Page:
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Comparative and Functional Genomics
Volume 4, Issue 1, Pages 47-55

Early Gene Expression in Wounded Human Keratinocytes Revealed by DNA Microarray Analysis

1Laboratoire de Physiologie Génomique des Eucaryotes, CNRS/UNSA UMR 6097, IPMC, F-06560 Sophia Antipolis, France
2Laboratoire de Biologie et Physiologie de la Peau, INSERM U385, Faculté de Médecine, Nice F-06107, France
3Laboratoire de Physiologie des Membranes Cellulaires, CNRS UMR6078 Bat. J. Maetz, Villefranche-sur-Mer, France
4Laboratoire de Physiologie Génomique des Eucaryotes, IPMC, 660, Route des Lucioles, Sophia Antipolis, Valbonne 06560, France

Received 13 September 2002; Accepted 21 November 2002

Copyright © 2003 Hindawi Publishing Corporation. This is an open access article distributed under the Creative Commons Attribution License, which permits unrestricted use, distribution, and reproduction in any medium, provided the original work is properly cited.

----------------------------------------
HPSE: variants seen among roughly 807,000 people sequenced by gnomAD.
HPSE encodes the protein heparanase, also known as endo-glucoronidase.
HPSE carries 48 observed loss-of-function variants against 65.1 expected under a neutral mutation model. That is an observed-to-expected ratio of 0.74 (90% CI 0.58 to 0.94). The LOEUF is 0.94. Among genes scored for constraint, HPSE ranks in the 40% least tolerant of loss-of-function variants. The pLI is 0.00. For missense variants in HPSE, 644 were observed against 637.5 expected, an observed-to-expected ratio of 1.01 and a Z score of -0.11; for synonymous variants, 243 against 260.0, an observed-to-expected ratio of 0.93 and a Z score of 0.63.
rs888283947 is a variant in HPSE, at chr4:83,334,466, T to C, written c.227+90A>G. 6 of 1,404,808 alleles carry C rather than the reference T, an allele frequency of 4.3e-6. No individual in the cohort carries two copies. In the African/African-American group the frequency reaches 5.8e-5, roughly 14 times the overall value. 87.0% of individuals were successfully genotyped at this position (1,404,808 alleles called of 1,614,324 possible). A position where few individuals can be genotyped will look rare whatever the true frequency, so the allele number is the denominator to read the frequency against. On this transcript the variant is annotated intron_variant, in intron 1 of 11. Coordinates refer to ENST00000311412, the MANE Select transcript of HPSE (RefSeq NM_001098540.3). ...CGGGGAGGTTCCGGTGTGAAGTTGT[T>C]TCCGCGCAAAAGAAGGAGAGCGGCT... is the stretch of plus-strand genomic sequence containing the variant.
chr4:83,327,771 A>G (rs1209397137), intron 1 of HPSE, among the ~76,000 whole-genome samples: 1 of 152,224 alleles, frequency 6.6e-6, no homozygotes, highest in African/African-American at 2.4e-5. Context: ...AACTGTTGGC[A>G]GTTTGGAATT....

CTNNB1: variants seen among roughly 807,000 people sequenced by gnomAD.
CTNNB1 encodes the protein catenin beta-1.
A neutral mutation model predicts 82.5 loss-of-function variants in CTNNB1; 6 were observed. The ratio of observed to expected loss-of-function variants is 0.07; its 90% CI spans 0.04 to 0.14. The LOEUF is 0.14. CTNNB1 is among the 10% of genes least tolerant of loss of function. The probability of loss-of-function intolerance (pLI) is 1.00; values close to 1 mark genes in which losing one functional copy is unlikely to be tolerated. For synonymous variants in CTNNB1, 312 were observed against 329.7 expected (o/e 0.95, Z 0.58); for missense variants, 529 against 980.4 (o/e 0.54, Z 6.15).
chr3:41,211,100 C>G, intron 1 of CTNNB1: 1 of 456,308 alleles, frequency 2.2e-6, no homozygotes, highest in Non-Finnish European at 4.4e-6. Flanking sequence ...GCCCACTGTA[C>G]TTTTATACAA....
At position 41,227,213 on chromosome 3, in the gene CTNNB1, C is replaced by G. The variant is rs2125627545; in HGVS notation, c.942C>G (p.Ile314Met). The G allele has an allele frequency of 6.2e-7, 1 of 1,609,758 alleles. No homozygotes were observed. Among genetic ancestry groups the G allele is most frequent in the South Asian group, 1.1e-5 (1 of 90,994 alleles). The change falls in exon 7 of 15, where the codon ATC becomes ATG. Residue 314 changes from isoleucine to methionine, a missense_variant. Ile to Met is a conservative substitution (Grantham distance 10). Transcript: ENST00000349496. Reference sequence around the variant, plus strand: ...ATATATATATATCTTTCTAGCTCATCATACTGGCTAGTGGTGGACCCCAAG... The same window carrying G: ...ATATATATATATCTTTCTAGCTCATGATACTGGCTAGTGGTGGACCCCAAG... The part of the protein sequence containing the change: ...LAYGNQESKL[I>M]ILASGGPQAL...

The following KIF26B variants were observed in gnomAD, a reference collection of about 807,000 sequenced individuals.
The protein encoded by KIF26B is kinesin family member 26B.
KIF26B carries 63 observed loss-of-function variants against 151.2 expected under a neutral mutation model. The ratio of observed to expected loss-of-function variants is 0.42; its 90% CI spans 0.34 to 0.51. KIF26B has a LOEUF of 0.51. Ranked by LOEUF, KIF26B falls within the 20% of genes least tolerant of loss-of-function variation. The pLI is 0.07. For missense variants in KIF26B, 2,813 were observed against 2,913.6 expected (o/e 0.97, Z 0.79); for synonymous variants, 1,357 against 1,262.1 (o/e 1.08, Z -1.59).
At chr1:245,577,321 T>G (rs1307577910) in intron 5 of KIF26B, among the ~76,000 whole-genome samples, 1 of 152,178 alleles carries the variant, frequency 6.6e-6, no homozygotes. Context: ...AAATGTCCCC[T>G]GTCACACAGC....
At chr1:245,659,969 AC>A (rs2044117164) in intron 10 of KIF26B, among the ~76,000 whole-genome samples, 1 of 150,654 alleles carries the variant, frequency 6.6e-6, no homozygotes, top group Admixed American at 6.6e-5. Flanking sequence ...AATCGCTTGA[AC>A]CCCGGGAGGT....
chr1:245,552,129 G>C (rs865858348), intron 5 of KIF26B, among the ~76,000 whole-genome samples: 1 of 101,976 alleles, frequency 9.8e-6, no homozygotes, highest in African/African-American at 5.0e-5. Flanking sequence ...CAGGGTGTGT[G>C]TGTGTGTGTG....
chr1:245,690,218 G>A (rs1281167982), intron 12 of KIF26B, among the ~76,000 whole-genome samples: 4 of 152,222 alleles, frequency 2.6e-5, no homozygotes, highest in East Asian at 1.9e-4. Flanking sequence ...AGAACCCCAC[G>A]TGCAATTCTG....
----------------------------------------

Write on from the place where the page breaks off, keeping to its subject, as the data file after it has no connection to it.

Wound healing involves several steps: spreading of the cells, migration and proliferation. We have profiled gene expression during the early events of wound healing in normal human keratinocytes with a home-made DNA microarray containing about 1000 relevant human probes. An original wounding machine was used, that allows the wounding of up to 40% of the surface of a confluent monolayer of cultured cells grown on a Petri dish (compared with 5% with a classical ‘scratch’ method). The two aims of the present study were: (a) to validate a limited number of genes by comparing the expression levels obtained with this technique with those found in the literature; (b) to combine the use of the wounding machine with DNA microarray analysis for large-scale detection of the molecular events triggered during the early stages of the wound-healing process. The time-courses of RNA expression observed at 0.5, 1.5, 3, 6 and 15 h after wounding for genes such as c-Fos, c-Jun, Egr1, the plasminogen activator PLAU (uPA) and the signal transducer and transcription activator STAT3, were consistent with previously published data. This suggests that our methodologies are able to perform quantitative measurement of gene expression. Transcripts encoding two zinc finger proteins, ZFP36 and ZNF161, and the tumour necrosis factor α-induced protein TNFAIP3, were also overexpressed after wounding. The role of the p38 mitogen-activated protein kinase (p38MAPK) in wound healing was shown after the inhibition of p38 by SB203580, but our results also suggest the existence of surrogate activating pathways.